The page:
European Champions in the men’s division – Lasha Ozbetelashvili / Georgia and Valeri Dimitrov / Bulgaria keeping a steady course, Marek Wolny / Poland and Paulius Žimantas/ Lithuania add a weight category to their merits – Aligismat Hasanov / Azerbaijan 1st tittle!
Sweden pulls of their first European Championship, and does it with the best results one can expect. The Swedish team prove to hang with the best, on the podium in Kata and in Kumite as well.
European Champions Men
Lasha Ozbetelashvili / Georgia seems quite untouchable in the -75 kg category. Third tittle in a row now, if we include the EFKO in 2020 he got four. One of the strongest challenger, that could turn the tables is Ali Hayder / Sweden. Been in the final with Lasha Ozbetelashvili two times – but this time Hayder did not reach the final. in a very entertaining fight, semi-final ⇓, between Hayder and the young raising star from Georgia David Mskhaladze – Hayder seemed to be ahead in the game – but lost by warnings.
Lasha Ozbetelashvili makes it short and painful for his countryman David Mskhaladze in the final, close the deal with a strong body-punch to the liver 30 second into the fight. Short final, but great results in total for both contenders. Georgia continues to impress, taking top spots in major tournaments and challenges everyone in hard and tough fights trough the whole day.
Third place for Hayder, but did get the special award – and that was well deserved. Hayder does really offer some great fighting, the intensity and power – yes, but he adds a variation in the technical aspect as well, maybe the kicking is most visible but one thing for sure: if you want to see a action-packed fight, turn inn on Ali Hayder / Sweden⇓ The 2nd 3rd place went to Laurynas Vaičikauskas / Lithuania, and this is his first podium entry in the EC. One must say that the -75 kg category does have a very high level, and with 30 fighters in the line up it is quit tough to go into the podium. However, it is clearly several levels among the fighters, so one does see a raise of the level trough the day.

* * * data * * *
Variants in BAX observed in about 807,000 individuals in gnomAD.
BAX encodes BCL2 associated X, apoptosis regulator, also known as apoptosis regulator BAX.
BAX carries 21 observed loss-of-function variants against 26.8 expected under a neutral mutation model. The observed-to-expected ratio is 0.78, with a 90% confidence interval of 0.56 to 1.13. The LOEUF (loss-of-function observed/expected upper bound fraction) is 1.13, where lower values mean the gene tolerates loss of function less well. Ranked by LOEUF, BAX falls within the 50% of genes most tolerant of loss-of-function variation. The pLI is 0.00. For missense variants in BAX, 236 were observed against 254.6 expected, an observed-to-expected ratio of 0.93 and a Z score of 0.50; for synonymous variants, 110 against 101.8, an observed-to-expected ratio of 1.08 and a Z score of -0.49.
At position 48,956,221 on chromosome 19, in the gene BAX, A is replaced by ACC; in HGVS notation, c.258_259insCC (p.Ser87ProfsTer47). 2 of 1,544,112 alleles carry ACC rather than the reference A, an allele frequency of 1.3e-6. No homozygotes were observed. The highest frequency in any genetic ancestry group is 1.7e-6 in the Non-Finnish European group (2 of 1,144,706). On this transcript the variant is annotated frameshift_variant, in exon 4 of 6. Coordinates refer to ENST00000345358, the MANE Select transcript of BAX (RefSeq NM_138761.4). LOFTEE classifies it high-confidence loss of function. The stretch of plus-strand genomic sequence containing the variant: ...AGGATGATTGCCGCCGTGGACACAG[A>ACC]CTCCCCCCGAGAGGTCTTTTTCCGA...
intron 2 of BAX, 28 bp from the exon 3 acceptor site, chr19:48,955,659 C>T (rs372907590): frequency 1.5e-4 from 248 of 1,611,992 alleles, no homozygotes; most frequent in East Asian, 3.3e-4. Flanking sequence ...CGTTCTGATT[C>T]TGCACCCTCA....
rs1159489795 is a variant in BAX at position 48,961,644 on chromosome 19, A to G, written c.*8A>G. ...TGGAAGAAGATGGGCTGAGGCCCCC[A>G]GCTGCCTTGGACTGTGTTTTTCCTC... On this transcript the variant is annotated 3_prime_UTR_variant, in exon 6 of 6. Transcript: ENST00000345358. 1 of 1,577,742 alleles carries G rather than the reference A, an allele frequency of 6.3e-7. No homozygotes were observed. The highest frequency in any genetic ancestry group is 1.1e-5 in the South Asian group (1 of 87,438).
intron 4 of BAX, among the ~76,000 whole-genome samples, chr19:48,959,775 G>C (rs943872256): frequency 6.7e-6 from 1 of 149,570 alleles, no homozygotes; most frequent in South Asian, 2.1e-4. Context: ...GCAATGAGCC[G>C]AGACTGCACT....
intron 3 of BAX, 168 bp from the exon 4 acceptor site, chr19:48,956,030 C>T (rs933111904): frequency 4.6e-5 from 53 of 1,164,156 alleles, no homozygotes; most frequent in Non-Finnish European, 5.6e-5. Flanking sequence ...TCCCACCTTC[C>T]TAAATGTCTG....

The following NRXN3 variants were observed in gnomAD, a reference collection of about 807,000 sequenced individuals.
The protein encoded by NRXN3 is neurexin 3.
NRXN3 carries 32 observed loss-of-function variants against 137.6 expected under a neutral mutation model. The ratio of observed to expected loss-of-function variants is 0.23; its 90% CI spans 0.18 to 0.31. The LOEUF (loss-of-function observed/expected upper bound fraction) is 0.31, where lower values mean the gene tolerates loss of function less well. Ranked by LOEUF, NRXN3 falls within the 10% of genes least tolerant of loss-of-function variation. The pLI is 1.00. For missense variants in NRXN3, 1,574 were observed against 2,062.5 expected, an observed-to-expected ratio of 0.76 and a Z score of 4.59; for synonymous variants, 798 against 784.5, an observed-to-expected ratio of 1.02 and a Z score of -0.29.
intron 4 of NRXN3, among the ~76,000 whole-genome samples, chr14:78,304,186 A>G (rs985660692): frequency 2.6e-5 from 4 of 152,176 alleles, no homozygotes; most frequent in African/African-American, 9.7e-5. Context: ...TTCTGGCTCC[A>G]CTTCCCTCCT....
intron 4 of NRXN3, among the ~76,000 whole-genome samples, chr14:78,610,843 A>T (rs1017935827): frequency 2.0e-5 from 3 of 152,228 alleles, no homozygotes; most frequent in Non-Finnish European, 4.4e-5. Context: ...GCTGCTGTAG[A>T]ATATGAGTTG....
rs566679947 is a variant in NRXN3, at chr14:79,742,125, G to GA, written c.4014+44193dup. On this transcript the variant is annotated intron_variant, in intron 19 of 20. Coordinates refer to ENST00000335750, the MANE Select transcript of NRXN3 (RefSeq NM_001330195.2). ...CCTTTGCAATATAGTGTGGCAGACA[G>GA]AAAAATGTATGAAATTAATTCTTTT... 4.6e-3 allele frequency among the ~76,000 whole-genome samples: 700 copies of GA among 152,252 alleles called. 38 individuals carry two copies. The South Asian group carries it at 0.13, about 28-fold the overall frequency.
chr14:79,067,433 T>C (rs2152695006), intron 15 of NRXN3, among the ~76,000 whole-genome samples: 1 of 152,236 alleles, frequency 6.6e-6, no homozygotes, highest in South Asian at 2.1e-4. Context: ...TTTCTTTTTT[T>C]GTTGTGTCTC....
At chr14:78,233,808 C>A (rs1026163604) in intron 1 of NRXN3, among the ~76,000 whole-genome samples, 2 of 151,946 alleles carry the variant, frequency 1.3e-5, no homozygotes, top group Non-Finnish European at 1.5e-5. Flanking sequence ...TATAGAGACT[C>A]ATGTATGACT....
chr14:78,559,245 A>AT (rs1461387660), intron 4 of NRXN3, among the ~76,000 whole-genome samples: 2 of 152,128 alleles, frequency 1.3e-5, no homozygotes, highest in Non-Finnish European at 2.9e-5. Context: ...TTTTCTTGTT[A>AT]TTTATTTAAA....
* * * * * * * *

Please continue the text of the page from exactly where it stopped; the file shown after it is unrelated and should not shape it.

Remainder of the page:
In the -85 kg category we had over twenty fighters (an increasing number compared to last year), and as you know some of the most profiled as well. in this category one have to say that the level is averagely high. Quite many have the capacity to reach the podium – maybe not the top of it, but into top 4.
We are used to see the dominance of the Easter Europe countries, but we do notice that in this category countries like Denmark ( Samuel Jacob Hallas and
Julian Daugbjerg Bjerrekær) and Germany (Nikita Bauer ⇑ and Thomas Ritter) hold significant level, and do also advance in the tournament or shows really good skills in close fights.
Illia Serhiienko/ Ukraine and Gergely Fekete / Hungary shared the third place this time, and for both this is the second time they enter the EC podium. These two third place holders are both very competent fighters and possesses very good all round skills. Illia Serhiienko manage to reach the podium in 2021, beating in fact Gergely Fekete in their first fight of the day. Later that day he lost to Valeri Dimitrov. Gergely Fekete did the same thing last year, showing great skills and advancing further in the tournament – before he lost to Dimitrov in the semi-final – a repeat from last year.
Another repeat from earlier: Valeri Dimitrov vs Salahat Hasanov. Both world champions and top skilled fighters. It is inevitable that Hasanov will be overshadowed by Dimitrov, but we will refresh you a bit on what Hasanov has on his side. Ten years ago, Salahat Hasanov came into the EC podium for the first time (Lightweight) . The top four had sky high quality: Rózsa, Khachapuridze, Zinchenko and Hasanov. Since then, Hasanov has been working his way upwards in the categories and level. Been on the EC podium 7 times since 2013.